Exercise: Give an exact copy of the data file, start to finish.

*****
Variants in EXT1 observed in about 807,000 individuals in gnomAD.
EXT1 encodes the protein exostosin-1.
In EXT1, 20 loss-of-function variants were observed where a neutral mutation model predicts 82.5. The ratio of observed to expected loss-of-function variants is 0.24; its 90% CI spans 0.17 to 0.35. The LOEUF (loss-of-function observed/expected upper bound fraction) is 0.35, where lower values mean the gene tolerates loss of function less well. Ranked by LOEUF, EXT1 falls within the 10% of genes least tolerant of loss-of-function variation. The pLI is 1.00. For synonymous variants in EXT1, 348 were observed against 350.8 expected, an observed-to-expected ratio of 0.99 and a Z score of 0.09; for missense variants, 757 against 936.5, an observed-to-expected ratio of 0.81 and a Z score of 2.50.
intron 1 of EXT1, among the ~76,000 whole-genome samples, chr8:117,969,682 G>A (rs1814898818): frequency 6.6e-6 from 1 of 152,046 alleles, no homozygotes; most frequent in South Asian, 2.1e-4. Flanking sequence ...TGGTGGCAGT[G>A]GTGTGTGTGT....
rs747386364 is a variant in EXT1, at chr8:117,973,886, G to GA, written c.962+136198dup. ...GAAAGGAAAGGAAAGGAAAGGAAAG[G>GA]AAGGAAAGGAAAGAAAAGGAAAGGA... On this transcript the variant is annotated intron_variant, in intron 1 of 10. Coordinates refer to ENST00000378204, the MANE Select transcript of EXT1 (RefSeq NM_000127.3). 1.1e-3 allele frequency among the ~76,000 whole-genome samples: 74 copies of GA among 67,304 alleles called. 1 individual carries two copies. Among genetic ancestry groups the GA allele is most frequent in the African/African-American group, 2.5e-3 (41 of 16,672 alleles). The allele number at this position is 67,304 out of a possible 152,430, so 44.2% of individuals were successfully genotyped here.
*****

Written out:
Variants in EXT1 observed in about 807,000 individuals in gnomAD.
EXT1 encodes the protein exostosin-1.
In EXT1, 20 loss-of-function variants were observed where a neutral mutation model predicts 82.5. The ratio of observed to expected loss-of-function variants is 0.24; its 90% CI spans 0.17 to 0.35. The LOEUF (loss-of-function observed/expected upper bound fraction) is 0.35, where lower values mean the gene tolerates loss of function less well. Ranked by LOEUF, EXT1 falls within the 10% of genes least tolerant of loss-of-function variation. The pLI is 1.00. For synonymous variants in EXT1, 348 were observed against 350.8 expected, an observed-to-expected ratio of 0.99 and a Z score of 0.09; for missense variants, 757 against 936.5, an observed-to-expected ratio of 0.81 and a Z score of 2.50.
intron 1 of EXT1, among the ~76,000 whole-genome samples, chr8:117,969,682 G>A (rs1814898818): frequency 6.6e-6 from 1 of 152,046 alleles, no homozygotes; most frequent in South Asian, 2.1e-4. Flanking sequence ...TGGTGGCAGT[G>A]GTGTGTGTGT....
rs747386364 is a variant in EXT1, at chr8:117,973,886, G to GA, written c.962+136198dup. ...GAAAGGAAAGGAAAGGAAAGGAAAG[G>GA]AAGGAAAGGAAAGAAAAGGAAAGGA... On this transcript the variant is annotated intron_variant, in intron 1 of 10. Coordinates refer to ENST00000378204, the MANE Select transcript of EXT1 (RefSeq NM_000127.3). 1.1e-3 allele frequency among the ~76,000 whole-genome samples: 74 copies of GA among 67,304 alleles called. 1 individual carries two copies. Among genetic ancestry groups the GA allele is most frequent in the African/African-American group, 2.5e-3 (41 of 16,672 alleles). The allele number at this position is 67,304 out of a possible 152,430, so 44.2% of individuals were successfully genotyped here.